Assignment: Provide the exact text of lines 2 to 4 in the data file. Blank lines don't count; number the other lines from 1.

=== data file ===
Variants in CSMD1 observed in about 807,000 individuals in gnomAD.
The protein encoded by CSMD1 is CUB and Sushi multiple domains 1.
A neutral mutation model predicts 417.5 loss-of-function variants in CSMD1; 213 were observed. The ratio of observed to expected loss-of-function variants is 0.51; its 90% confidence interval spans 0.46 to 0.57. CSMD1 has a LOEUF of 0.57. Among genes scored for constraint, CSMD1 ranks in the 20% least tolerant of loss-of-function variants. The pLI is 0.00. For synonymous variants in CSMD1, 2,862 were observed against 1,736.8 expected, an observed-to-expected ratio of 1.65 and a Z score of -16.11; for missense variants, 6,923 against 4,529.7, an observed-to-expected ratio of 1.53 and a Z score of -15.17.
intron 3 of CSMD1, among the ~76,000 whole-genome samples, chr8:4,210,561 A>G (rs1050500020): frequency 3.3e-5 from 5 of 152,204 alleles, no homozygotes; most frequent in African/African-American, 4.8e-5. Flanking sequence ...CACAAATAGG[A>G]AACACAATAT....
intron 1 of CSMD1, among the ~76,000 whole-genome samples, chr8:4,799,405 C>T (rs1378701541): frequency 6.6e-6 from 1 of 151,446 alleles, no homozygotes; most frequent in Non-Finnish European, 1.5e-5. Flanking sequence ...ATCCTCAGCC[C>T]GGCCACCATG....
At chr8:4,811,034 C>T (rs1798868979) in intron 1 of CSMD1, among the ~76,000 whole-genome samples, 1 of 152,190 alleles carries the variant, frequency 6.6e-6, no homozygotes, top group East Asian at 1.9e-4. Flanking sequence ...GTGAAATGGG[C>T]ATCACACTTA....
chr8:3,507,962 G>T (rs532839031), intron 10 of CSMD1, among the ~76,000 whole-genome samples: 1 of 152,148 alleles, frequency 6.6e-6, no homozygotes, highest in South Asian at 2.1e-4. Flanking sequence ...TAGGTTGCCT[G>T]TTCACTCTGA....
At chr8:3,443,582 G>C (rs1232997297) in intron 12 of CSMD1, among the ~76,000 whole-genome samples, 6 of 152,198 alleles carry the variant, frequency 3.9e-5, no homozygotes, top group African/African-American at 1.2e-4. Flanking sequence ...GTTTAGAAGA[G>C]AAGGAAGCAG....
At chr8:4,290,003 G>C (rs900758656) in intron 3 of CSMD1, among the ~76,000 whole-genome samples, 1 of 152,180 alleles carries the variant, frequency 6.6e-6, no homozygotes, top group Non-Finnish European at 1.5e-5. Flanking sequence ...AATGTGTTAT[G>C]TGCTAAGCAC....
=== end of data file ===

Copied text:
The protein encoded by CSMD1 is CUB and Sushi multiple domains 1.
A neutral mutation model predicts 417.5 loss-of-function variants in CSMD1; 213 were observed. The ratio of observed to expected loss-of-function variants is 0.51; its 90% confidence interval spans 0.46 to 0.57. CSMD1 has a LOEUF of 0.57. Among genes scored for constraint, CSMD1 ranks in the 20% least tolerant of loss-of-function variants. The pLI is 0.00. For synonymous variants in CSMD1, 2,862 were observed against 1,736.8 expected, an observed-to-expected ratio of 1.65 and a Z score of -16.11; for missense variants, 6,923 against 4,529.7, an observed-to-expected ratio of 1.53 and a Z score of -15.17.
intron 3 of CSMD1, among the ~76,000 whole-genome samples, chr8:4,210,561 A>G (rs1050500020): frequency 3.3e-5 from 5 of 152,204 alleles, no homozygotes; most frequent in African/African-American, 4.8e-5. Flanking sequence ...CACAAATAGG[A>G]AACACAATAT....